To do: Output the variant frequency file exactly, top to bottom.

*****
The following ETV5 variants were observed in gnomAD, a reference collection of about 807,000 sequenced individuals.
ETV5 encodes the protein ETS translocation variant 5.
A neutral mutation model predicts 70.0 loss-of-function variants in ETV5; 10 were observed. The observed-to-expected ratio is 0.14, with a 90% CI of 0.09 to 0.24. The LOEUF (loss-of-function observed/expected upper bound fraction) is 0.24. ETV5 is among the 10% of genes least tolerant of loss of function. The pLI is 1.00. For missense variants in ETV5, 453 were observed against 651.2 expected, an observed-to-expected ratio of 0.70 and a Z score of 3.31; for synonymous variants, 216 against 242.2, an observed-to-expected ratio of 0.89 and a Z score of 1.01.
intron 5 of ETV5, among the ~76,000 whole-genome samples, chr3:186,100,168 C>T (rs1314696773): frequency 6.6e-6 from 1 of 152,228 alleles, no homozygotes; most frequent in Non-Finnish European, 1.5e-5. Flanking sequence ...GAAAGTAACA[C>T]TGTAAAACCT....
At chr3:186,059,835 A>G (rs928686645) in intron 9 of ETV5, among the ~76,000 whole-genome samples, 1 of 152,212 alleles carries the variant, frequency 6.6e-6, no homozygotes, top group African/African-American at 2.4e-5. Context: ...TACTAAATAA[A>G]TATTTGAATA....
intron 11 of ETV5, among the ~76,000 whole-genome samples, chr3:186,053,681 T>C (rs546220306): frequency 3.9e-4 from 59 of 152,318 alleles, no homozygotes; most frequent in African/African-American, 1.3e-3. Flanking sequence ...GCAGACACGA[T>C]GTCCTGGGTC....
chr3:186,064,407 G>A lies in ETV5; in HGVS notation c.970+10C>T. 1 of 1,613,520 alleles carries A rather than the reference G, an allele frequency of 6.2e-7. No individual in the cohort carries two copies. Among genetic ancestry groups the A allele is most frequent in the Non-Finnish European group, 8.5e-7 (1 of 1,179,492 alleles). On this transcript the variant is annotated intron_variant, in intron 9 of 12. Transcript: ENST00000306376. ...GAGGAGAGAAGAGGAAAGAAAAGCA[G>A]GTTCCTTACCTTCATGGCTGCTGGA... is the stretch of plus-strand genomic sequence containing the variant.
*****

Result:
The following ETV5 variants were observed in gnomAD, a reference collection of about 807,000 sequenced individuals.
ETV5 encodes the protein ETS translocation variant 5.
A neutral mutation model predicts 70.0 loss-of-function variants in ETV5; 10 were observed. The observed-to-expected ratio is 0.14, with a 90% CI of 0.09 to 0.24. The LOEUF (loss-of-function observed/expected upper bound fraction) is 0.24. ETV5 is among the 10% of genes least tolerant of loss of function. The pLI is 1.00. For missense variants in ETV5, 453 were observed against 651.2 expected, an observed-to-expected ratio of 0.70 and a Z score of 3.31; for synonymous variants, 216 against 242.2, an observed-to-expected ratio of 0.89 and a Z score of 1.01.
intron 5 of ETV5, among the ~76,000 whole-genome samples, chr3:186,100,168 C>T (rs1314696773): frequency 6.6e-6 from 1 of 152,228 alleles, no homozygotes; most frequent in Non-Finnish European, 1.5e-5. Flanking sequence ...GAAAGTAACA[C>T]TGTAAAACCT....
At chr3:186,059,835 A>G (rs928686645) in intron 9 of ETV5, among the ~76,000 whole-genome samples, 1 of 152,212 alleles carries the variant, frequency 6.6e-6, no homozygotes, top group African/African-American at 2.4e-5. Context: ...TACTAAATAA[A>G]TATTTGAATA....
intron 11 of ETV5, among the ~76,000 whole-genome samples, chr3:186,053,681 T>C (rs546220306): frequency 3.9e-4 from 59 of 152,318 alleles, no homozygotes; most frequent in African/African-American, 1.3e-3. Flanking sequence ...GCAGACACGA[T>C]GTCCTGGGTC....
chr3:186,064,407 G>A lies in ETV5; in HGVS notation c.970+10C>T. 1 of 1,613,520 alleles carries A rather than the reference G, an allele frequency of 6.2e-7. No individual in the cohort carries two copies. Among genetic ancestry groups the A allele is most frequent in the Non-Finnish European group, 8.5e-7 (1 of 1,179,492 alleles). On this transcript the variant is annotated intron_variant, in intron 9 of 12. Transcript: ENST00000306376. ...GAGGAGAGAAGAGGAAAGAAAAGCA[G>A]GTTCCTTACCTTCATGGCTGCTGGA... is the stretch of plus-strand genomic sequence containing the variant.